According to findings from a study presented at the 26th Annual Meeting of the American Academy of Pain Medicine (AAPM), virtual reality has been found to lower the level of pain in some veterans with war-related burns from blasts and explosions.
In this study, veterans were asked to consider their worst pain and the negative feelings associated with the pain while having wound treatment for 6 minutes. The treatment was administered using virtual reality and then without it. Researchers reported major reductions in each pain category during the virtual reality experience.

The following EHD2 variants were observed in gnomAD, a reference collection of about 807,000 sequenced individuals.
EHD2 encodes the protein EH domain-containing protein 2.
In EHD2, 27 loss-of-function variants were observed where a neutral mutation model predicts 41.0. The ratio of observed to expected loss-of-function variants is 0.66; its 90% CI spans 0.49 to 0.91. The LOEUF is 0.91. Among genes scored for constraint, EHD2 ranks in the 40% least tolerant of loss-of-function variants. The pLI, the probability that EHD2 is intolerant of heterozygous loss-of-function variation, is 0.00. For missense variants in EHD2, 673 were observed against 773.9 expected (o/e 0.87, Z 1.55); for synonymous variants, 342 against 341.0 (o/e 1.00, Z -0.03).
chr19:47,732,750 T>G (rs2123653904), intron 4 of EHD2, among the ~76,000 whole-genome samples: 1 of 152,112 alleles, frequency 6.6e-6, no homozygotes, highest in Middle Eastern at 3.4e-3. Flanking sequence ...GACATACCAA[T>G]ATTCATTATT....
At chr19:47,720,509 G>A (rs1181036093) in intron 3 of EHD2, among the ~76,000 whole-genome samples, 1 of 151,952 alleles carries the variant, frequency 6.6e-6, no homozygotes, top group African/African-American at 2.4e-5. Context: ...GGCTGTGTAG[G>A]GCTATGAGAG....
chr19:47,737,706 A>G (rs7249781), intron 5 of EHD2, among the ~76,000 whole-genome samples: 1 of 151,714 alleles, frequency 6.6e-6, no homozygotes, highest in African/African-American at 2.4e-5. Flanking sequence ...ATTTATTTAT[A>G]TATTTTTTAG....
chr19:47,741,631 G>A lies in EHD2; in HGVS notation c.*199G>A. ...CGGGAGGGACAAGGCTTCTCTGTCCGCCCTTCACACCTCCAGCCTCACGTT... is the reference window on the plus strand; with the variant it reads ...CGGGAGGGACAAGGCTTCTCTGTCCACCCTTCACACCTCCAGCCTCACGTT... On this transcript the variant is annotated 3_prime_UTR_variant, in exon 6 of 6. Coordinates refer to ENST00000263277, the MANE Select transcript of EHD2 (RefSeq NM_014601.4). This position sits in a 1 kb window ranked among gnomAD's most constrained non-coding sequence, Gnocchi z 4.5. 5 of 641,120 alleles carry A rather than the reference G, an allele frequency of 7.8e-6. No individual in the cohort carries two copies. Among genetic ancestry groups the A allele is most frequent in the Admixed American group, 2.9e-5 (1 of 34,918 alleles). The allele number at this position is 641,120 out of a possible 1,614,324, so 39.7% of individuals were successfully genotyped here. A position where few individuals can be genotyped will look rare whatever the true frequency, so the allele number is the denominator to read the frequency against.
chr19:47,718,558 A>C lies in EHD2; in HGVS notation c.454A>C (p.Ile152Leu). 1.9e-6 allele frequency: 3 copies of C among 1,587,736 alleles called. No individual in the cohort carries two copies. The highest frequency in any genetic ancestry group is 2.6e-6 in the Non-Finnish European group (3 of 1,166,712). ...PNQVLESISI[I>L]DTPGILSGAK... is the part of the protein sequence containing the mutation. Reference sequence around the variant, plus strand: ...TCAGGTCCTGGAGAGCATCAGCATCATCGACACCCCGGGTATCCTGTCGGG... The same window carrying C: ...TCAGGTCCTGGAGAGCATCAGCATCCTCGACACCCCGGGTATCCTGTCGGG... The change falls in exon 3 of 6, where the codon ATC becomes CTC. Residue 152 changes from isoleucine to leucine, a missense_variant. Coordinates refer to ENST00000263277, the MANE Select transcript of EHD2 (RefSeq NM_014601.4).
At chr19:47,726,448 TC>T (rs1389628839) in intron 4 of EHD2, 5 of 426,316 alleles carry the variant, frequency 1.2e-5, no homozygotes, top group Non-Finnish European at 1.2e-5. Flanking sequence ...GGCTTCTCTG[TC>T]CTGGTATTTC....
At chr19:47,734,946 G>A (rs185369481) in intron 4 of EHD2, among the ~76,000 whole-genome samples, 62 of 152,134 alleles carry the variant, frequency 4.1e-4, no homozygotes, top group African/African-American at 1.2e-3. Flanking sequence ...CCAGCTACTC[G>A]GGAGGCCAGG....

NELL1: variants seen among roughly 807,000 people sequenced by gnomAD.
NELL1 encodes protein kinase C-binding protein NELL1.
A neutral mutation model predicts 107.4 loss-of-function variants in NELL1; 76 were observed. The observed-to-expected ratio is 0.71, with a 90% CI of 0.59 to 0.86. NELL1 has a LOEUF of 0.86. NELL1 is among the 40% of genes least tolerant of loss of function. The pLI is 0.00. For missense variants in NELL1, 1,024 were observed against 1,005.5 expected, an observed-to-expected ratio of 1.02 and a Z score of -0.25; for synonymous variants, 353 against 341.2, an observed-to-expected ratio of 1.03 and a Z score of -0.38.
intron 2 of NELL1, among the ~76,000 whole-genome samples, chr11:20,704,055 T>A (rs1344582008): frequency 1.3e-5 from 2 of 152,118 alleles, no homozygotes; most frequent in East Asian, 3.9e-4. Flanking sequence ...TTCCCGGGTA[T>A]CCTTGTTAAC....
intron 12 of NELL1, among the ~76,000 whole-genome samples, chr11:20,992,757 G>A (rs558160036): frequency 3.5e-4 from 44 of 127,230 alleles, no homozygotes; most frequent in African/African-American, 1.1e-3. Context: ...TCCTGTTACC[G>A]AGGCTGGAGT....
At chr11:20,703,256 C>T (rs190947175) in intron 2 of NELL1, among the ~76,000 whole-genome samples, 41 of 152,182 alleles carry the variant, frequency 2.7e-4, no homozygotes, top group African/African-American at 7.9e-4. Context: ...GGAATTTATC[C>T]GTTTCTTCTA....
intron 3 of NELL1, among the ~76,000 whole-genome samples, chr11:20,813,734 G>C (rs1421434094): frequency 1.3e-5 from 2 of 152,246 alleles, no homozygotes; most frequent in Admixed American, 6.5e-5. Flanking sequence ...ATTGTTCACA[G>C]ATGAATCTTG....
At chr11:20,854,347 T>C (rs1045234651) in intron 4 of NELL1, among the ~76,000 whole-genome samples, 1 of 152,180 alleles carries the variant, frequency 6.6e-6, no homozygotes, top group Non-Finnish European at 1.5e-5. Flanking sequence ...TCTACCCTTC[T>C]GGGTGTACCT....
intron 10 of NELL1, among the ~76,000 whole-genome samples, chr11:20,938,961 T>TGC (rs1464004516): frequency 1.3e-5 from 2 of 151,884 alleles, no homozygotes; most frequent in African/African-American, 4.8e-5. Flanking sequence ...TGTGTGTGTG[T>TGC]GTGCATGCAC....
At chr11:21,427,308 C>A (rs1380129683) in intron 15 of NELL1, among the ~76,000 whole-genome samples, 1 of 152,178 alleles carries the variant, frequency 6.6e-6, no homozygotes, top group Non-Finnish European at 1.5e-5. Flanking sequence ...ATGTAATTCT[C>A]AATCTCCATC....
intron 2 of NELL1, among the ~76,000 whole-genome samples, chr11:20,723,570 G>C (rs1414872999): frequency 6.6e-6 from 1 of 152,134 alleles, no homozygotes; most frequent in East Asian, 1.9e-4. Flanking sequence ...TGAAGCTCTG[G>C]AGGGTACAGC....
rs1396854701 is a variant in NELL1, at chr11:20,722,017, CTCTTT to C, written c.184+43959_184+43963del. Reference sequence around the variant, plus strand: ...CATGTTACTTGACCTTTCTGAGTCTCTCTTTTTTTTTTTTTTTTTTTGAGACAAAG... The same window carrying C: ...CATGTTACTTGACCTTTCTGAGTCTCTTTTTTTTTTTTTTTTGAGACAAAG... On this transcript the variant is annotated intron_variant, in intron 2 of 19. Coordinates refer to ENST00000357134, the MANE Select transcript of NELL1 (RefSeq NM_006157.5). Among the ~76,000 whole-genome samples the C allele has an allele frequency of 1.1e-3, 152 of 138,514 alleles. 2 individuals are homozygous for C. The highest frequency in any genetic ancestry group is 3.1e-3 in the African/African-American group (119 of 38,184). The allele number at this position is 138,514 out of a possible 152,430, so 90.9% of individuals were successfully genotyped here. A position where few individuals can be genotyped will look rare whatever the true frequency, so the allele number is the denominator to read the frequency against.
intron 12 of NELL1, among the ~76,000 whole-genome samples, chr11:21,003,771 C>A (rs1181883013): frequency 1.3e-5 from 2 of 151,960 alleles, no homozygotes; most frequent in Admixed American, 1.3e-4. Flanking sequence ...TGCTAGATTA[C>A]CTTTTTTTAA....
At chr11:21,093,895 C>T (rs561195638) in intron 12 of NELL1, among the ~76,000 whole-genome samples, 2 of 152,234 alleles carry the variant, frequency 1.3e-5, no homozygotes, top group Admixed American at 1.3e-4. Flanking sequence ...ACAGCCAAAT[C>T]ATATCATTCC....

In other presentations at the AAPM meeting, researchers reported that low-dose ketamine given continuously via intravenous (IV) therapy helped pain control in some veterans suffering with gunshot wounds, explosion burns, and other combat causes. Ironically, the ketamine worked on soldiers with severe pain, dropping the intensity dramatically, but did not work on those with less severe pain.
Experts believe that because more soldiers are surviving burns and injuries that result in severe pain, it has made the treatment of severe and chronic pain much more challenging and necessary.